NextNav's CEO explains her 5G network buildout plan

Mariam Sorond, CEO of NextNav, said the company is looking for a partner interested in using NextNav's 900MHz holdings for a 5G network buildout.

Mike Dano, Editorial Director, 5G & Mobile Strategies

May 3, 2024

4 Min Read
Mariam Sorond nextnav
Sorond (Source: NextNav)

NextNav, a developer of 3D geolocation technology, isn't planning to build its own 5G network using its nationwide 900MHz spectrum holdings. Instead, the company is hoping to find a partner to do the heavy lifting, according to NextNav's new CEO, Mariam Sorond.

"We're not going to build the network. The partner would do that," Sorond told Light Reading.

But she made it clear that NextNav isn't planning to simply sell its 900MHz spectrum holdings to a network operator if it receives approval from the FCC to allow 5G into that spectrum.

"We're not selling spectrum," Sorond said. "There's no asset to purchase. We're not in the game of flipping spectrum."

So, how will NextNav's 900MHz be put into use?

"We haven't figured that out yet," Sorond said. She explained that NextNav is open to a variety of business models that would allow a mobile network operator or another customer to make use of NextNav's spectrum in a 5G operation.

"It's a solid plan," Sorond said.

A new proposal

The other plans for NextNav’s spectrum include some potentially sophisticated location-based services. Last month NextNav asked the FCC to reconfigure spectrum between 902MHz and 928MHz – dubbed by NextNav as the "Lower 900 MHz Band" – to support positioning, navigation and timing (PNT) services, as well as 5G.

"Under this proposal, network partners would integrate NextNav's Lower 900 MHz Band spectrum into their 5G networks, and NextNav would implement, operate, and manage additional PNT-optimized infrastructure over the 5G network," the company wrote.

The FCC is now evaluating that proposal. A likely next step would be for the agency to solicit commentary on the plan before making a decision. The process could take months or years.

"We think it solves a national security problem," Sorond said.

As Light Reading previously reported, there is a major federal push underway to create reliable alternatives to the Global Positioning System (GPS) constellation, an effort that has accelerated following Russia's 2022 invasion of Ukraine, which included extensive GPS jamming and spoofing. The push is driving a growing number of telecom companies – including NextNav – into the market for PNT services.

Sorond said NextNav envisions its partner building a nationwide 5G network using NextNav's 15MHz chunk of spectrum in the 900MHz band. The partner would use the network for 5G, while NextNav would use it to offer nationwide PNT services. Sorond said NextNav's PNT offerings would consume roughly 2% to 5% of the network's total capacity.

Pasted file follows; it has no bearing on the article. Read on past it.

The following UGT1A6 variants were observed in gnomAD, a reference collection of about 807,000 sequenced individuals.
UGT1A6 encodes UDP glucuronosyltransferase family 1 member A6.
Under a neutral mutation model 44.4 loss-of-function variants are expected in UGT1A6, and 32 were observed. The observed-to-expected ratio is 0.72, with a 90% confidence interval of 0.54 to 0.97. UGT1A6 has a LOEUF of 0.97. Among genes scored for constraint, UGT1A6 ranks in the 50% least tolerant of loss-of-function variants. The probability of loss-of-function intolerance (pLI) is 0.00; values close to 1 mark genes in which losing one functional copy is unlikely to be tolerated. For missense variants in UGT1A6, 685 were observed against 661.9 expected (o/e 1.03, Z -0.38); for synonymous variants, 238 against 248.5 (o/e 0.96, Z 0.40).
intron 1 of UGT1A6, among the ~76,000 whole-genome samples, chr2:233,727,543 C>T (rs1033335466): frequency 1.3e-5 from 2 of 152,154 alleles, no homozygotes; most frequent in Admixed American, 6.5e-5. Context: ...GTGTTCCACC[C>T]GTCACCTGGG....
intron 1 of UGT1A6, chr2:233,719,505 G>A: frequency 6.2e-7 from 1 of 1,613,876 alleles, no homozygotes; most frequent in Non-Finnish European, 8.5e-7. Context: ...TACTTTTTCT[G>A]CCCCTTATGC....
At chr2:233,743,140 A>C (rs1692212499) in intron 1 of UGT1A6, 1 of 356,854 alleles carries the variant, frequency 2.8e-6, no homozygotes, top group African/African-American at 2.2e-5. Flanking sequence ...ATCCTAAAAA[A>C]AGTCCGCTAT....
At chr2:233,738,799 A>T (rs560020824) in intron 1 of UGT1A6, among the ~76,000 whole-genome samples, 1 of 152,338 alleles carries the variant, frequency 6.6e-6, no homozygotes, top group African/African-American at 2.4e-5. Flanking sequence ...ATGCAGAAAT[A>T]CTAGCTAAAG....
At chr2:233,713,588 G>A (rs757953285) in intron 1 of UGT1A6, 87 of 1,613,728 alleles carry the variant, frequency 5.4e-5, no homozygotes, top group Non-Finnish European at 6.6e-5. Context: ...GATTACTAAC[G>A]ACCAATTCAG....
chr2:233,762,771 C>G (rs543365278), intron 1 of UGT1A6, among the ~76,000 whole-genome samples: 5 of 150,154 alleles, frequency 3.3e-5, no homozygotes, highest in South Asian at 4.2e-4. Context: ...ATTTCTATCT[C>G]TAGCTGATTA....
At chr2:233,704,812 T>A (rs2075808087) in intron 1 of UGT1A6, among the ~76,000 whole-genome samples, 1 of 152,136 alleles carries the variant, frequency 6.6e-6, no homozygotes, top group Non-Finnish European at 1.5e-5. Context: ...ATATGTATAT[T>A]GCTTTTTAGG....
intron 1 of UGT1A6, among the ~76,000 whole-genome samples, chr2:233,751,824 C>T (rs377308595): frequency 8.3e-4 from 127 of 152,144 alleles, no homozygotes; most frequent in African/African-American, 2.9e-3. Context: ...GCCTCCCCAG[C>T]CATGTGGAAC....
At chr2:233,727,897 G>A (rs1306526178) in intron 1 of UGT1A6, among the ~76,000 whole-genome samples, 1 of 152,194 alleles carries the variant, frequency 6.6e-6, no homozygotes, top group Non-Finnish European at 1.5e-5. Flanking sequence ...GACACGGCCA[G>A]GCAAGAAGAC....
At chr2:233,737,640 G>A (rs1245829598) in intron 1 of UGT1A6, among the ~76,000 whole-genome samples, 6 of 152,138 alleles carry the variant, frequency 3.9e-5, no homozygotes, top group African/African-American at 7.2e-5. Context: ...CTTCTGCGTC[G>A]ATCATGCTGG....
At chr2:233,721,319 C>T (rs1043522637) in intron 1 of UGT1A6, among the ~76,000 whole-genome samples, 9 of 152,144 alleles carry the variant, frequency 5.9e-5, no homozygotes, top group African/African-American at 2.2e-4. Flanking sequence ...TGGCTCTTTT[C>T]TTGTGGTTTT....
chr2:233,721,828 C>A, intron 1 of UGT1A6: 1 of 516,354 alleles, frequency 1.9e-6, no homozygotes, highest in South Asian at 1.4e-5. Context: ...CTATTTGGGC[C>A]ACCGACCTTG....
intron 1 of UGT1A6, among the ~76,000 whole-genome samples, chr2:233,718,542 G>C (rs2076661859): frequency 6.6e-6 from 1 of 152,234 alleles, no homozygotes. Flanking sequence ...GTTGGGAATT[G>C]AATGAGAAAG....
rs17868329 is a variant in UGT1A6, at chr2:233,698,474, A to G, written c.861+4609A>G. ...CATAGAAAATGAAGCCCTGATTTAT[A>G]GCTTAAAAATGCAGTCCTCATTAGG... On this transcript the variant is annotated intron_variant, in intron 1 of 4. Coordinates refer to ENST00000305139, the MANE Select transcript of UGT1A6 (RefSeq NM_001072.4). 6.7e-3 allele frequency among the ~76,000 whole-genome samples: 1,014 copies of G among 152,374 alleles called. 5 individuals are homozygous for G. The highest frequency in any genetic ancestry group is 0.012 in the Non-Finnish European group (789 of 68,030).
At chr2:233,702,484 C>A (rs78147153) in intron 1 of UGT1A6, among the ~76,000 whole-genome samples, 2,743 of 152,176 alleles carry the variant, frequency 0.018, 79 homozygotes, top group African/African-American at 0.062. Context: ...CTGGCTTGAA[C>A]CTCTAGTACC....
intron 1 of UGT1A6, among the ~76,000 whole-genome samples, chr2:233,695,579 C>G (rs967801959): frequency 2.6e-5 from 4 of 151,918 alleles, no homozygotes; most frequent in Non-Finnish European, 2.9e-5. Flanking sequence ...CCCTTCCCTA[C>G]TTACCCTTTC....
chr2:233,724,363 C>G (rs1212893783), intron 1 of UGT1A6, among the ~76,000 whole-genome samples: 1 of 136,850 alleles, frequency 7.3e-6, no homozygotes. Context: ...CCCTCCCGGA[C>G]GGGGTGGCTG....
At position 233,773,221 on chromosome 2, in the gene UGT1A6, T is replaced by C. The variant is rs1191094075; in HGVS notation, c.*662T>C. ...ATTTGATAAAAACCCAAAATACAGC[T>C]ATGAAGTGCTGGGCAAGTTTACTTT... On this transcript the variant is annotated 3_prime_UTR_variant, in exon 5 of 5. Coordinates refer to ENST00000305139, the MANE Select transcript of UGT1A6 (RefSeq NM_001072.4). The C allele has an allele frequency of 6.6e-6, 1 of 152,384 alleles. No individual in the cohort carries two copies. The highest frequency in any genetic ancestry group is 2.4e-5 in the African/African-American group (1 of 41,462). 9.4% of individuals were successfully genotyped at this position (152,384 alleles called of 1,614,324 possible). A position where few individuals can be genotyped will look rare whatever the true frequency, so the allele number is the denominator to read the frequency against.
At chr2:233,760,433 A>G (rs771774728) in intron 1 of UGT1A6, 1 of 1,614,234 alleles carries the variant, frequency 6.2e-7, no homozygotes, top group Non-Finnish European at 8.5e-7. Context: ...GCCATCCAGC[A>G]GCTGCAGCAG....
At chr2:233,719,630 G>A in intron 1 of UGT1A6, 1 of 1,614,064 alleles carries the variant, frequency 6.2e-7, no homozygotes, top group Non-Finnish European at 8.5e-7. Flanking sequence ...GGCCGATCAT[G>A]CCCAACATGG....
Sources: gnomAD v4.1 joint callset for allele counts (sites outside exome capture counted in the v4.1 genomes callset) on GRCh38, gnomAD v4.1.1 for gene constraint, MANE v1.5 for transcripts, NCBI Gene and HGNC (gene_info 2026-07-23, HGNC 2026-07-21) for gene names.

"A standalone PNT network absolutely makes no economic sense," she said.

Potential partners

If the FCC approves NextNav's plan, which companies might be interested in partnering with the company?

"The whole gamut is on the table right now," Sorond said, explaining that NextNav is in ongoing discussions with a variety of possible partners.

Sorond declined to specify which companies but said US mobile network operators like AT&T, Verizon, T-Mobile and EchoStar's Dish Network would be the most likely candidates. Each has the cell towers and backhaul necessary to put NextNav's 900MHz into action. All they would have to do is hang new, 900MHz-capable radios onto those towers.

But Sorond said other companies might also be interested in the spectrum.

Indeed, T-Mobile has identified engineering giant Burns & McDonnell as a potential buyer of its 800MHz holdings. In a court filing last year, Burns & McDonnell said it "plans to unlock consumer choice by making spectrum available to those in need, such as regional carriers and Internet providers (particularly in underserved and unserved areas), in addition to working with partners to modernize our aging [utility] infrastructure and enable private networks for utilities so they can offer enhanced services to their customers."

What about Dish?

Dish might be NextNav's most logical partner. Dish had initially intended to purchase T-Mobile's 800MHz holdings but said recently it doesn't have the $3.6 billion necessary to complete the deal. That could mean that Dish would be more interested in a partnership rather than a purchase.

Moreover, Sorond worked at Dish during its early foray into wireless, prior to the network operator creating the initial management team to build its nationwide 5G network.

"I certainly don't want to talk about Dish," Sorond said. But she said that lowband spectrum like NextNav's 900MHz is valuable.

Indeed, T-Mobile announced plans in 2022 to purchase lowband 600MHz licenses from Columbia Capital in a deal worth $3.5 billion.

About the Author(s)

Mike Dano

Editorial Director, 5G & Mobile Strategies, Light Reading

Mike Dano is Light Reading's Editorial Director, 5G & Mobile Strategies. Mike can be reached at [email protected], @mikeddano or on LinkedIn.

Based in Denver, Mike has covered the wireless industry as a journalist for almost two decades, first at RCR Wireless News and then at FierceWireless and recalls once writing a story about the transition from black and white to color screens on cell phones.

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